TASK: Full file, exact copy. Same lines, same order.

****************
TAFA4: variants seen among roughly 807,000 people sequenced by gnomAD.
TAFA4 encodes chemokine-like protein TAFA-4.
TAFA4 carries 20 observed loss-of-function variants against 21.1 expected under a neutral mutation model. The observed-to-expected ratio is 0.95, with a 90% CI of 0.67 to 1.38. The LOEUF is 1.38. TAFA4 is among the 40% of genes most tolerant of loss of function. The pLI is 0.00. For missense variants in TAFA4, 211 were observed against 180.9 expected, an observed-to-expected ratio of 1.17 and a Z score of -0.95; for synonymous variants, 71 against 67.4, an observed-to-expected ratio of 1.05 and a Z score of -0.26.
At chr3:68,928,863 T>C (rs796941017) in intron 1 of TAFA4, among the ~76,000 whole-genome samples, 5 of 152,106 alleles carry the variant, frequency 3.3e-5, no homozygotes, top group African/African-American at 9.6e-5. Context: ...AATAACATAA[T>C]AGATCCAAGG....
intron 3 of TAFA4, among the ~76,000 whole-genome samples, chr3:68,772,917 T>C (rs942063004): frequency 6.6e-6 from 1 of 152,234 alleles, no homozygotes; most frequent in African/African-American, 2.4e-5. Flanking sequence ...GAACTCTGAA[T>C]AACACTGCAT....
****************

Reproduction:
TAFA4: variants seen among roughly 807,000 people sequenced by gnomAD.
TAFA4 encodes chemokine-like protein TAFA-4.
TAFA4 carries 20 observed loss-of-function variants against 21.1 expected under a neutral mutation model. The observed-to-expected ratio is 0.95, with a 90% CI of 0.67 to 1.38. The LOEUF is 1.38. TAFA4 is among the 40% of genes most tolerant of loss of function. The pLI is 0.00. For missense variants in TAFA4, 211 were observed against 180.9 expected, an observed-to-expected ratio of 1.17 and a Z score of -0.95; for synonymous variants, 71 against 67.4, an observed-to-expected ratio of 1.05 and a Z score of -0.26.
At chr3:68,928,863 T>C (rs796941017) in intron 1 of TAFA4, among the ~76,000 whole-genome samples, 5 of 152,106 alleles carry the variant, frequency 3.3e-5, no homozygotes, top group African/African-American at 9.6e-5. Context: ...AATAACATAA[T>C]AGATCCAAGG....
intron 3 of TAFA4, among the ~76,000 whole-genome samples, chr3:68,772,917 T>C (rs942063004): frequency 6.6e-6 from 1 of 152,234 alleles, no homozygotes; most frequent in African/African-American, 2.4e-5. Flanking sequence ...GAACTCTGAA[T>C]AACACTGCAT....